I have about 6 more treatments to go and am not looking forward to it. If it helps to keep my CIDP in remission it will be worth it, but I just want my Anemia to be over with right now.
Anyone else on Rituxan for Anemia or Lymphoma?
February 6, 2015 at 8:39 pm
I have tolerated the Rituxan well and had only minor itching during initial IV’s. My worst reactions were to the Benadryl (made my legs feel squirmy and crawly) but it wears off in a few hours. I tried without the Benadryl, but the severe itching came back for me. Benadryl at 15MG is the dosage that I stuck with (doctor recommended 25MG, but that was too much for me).
Rituxan has a “half life” of 3 months (compared to just 20 days for IVIg) and I’m scheduled to get a maintenance dose every 3 months for 2 years.
I’m on Medicare and the Rituxan treatments qualify to be billed under Part B medical, where my cost share is the lowest with my “Plan N Supplement”. If billed under Part D prescription drugs … good luck, you could go bankrupt paying for it at around $17K per each 3-4 hour treatment!
Funny thing about the Rituxan is that I’ve recently noticed my right foot is getting a little more movement in it, not enough to walk or stand on it, but a slight lessening of paralysis. Could it be the Rituxan has helped my CIDP in addition to my anemia? I think it may have, or my body is better able to repair the CIDP related Axion and Myelin damage after the Rituxan treatments.
Rituxan has made me more hopeful after having been paralyzed since 2008. I would recommend other CIDP sufferers at least look into the possibility of using it to treat CIDP, RGBS, MFS, and MMN. It’s a newer alternative to the too often recommended IVIg, SCIg, and Plasma Exchange (but I do swear by the PE which helped me greatly in 2009!).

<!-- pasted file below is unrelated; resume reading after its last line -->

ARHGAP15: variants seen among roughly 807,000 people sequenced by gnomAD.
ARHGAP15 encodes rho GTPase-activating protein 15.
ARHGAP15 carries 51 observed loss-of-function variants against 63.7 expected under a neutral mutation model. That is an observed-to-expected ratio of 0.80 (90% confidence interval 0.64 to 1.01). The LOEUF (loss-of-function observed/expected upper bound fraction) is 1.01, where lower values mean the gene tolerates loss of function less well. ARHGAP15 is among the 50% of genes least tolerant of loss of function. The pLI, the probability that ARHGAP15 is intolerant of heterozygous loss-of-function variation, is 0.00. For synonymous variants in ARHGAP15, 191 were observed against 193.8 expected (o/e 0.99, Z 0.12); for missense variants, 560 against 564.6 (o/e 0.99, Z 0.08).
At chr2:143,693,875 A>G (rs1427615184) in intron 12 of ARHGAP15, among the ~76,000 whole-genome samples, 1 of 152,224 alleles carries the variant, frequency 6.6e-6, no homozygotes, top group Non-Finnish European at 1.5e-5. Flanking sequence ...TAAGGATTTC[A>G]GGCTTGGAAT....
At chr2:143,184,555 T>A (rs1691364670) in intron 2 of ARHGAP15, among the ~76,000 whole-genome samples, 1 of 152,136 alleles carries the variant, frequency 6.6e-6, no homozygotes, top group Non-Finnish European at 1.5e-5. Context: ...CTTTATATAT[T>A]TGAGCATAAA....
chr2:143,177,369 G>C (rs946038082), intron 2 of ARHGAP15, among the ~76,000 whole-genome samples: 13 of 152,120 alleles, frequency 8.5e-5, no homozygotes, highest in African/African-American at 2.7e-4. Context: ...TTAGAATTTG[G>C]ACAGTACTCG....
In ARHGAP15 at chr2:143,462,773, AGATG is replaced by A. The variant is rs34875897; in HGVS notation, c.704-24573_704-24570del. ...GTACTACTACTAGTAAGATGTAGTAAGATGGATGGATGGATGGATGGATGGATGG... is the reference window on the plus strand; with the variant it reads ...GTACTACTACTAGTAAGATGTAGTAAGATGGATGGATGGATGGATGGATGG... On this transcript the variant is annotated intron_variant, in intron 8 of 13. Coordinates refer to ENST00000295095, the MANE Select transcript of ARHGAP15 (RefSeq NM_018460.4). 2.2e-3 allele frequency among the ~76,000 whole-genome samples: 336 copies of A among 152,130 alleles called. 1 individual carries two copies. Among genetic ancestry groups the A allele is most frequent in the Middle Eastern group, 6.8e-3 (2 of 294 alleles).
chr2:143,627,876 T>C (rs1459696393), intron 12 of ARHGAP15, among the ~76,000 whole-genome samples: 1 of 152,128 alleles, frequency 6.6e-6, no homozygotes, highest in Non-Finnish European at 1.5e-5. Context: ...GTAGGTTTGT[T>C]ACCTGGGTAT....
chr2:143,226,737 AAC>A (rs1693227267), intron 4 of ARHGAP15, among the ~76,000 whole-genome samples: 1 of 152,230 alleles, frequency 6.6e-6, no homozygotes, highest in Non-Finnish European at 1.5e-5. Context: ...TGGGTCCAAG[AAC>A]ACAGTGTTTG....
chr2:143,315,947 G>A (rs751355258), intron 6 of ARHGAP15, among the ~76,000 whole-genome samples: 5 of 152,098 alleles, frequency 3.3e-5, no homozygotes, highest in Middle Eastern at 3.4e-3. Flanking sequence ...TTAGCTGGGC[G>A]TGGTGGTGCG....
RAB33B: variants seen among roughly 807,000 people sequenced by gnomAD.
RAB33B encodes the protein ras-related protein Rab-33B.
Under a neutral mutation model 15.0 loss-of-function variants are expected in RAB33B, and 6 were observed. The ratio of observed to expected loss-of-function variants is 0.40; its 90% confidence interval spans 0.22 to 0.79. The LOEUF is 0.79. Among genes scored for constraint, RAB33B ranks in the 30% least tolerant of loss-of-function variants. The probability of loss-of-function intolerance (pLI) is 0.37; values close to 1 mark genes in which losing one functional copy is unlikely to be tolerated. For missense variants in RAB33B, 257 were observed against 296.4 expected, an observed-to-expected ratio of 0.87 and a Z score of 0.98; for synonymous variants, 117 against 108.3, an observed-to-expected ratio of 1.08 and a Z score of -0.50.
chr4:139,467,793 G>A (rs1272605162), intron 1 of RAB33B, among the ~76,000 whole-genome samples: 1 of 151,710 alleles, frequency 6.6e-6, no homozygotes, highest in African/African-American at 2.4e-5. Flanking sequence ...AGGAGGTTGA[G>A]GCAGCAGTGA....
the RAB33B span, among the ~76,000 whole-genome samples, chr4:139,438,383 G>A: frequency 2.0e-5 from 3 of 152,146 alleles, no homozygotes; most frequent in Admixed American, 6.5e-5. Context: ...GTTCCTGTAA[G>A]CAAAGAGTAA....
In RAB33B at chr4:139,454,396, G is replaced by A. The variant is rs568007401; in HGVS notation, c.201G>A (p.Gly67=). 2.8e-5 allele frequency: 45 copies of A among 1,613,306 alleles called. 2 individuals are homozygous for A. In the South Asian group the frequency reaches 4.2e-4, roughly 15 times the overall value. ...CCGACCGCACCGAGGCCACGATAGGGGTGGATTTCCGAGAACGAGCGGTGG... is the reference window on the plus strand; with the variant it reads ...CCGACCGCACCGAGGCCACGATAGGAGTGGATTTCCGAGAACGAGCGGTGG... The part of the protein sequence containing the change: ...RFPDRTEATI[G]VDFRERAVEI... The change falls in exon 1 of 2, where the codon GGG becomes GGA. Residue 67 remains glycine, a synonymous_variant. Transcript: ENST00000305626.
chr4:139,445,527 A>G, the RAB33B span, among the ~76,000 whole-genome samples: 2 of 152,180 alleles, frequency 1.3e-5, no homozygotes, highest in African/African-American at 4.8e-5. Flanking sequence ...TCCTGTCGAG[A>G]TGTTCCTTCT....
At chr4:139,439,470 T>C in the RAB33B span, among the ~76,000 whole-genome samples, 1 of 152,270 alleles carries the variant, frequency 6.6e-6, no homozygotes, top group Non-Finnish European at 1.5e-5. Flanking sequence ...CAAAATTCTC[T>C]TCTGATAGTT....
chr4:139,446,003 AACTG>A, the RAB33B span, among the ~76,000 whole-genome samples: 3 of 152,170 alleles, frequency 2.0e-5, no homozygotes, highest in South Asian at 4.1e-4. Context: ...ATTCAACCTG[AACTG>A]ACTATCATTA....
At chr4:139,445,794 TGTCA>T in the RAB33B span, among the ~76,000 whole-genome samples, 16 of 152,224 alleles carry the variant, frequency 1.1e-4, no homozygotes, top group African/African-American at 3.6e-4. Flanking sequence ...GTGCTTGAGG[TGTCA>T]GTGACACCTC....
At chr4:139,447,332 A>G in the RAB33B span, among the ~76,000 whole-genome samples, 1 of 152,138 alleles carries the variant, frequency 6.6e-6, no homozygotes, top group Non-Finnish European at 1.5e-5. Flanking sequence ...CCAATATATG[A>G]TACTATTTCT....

February 6, 2015 at 9:48 pm
I am now approaching two years since my last IVIG treatment. Still waiting for OHSU to figure out insurance to pay for Rituxan. So far, no luck with my Medicare and supplimental. I am getting worse by the day….any suggestions on getting insurance approval? My doctors say I can not have IVIG ever again. Thanks – Karen
February 6, 2015 at 10:56 pm
Karen, My oncologist/hemotologist was denied reimbursement for Rituxan initially due to it’s cost and being a “prior authorization required” drug. “Medical necessity” had to be explained to them (Blue Cross Medicare) before they would approve its use. The key for me was to have Rituxan billed directly to my primary insurance carrier (Medicare if you have a supplement) under Part B.
Perhaps, depending on your insurance carrier and your policy, you would have better support from an Oncology specialist who treated you with Rituxan in their outpatient facility/clinic. They would have experience in dealing with insurance company requirements for Rituxan and can argue for approval of the treatment better than a nuerologist.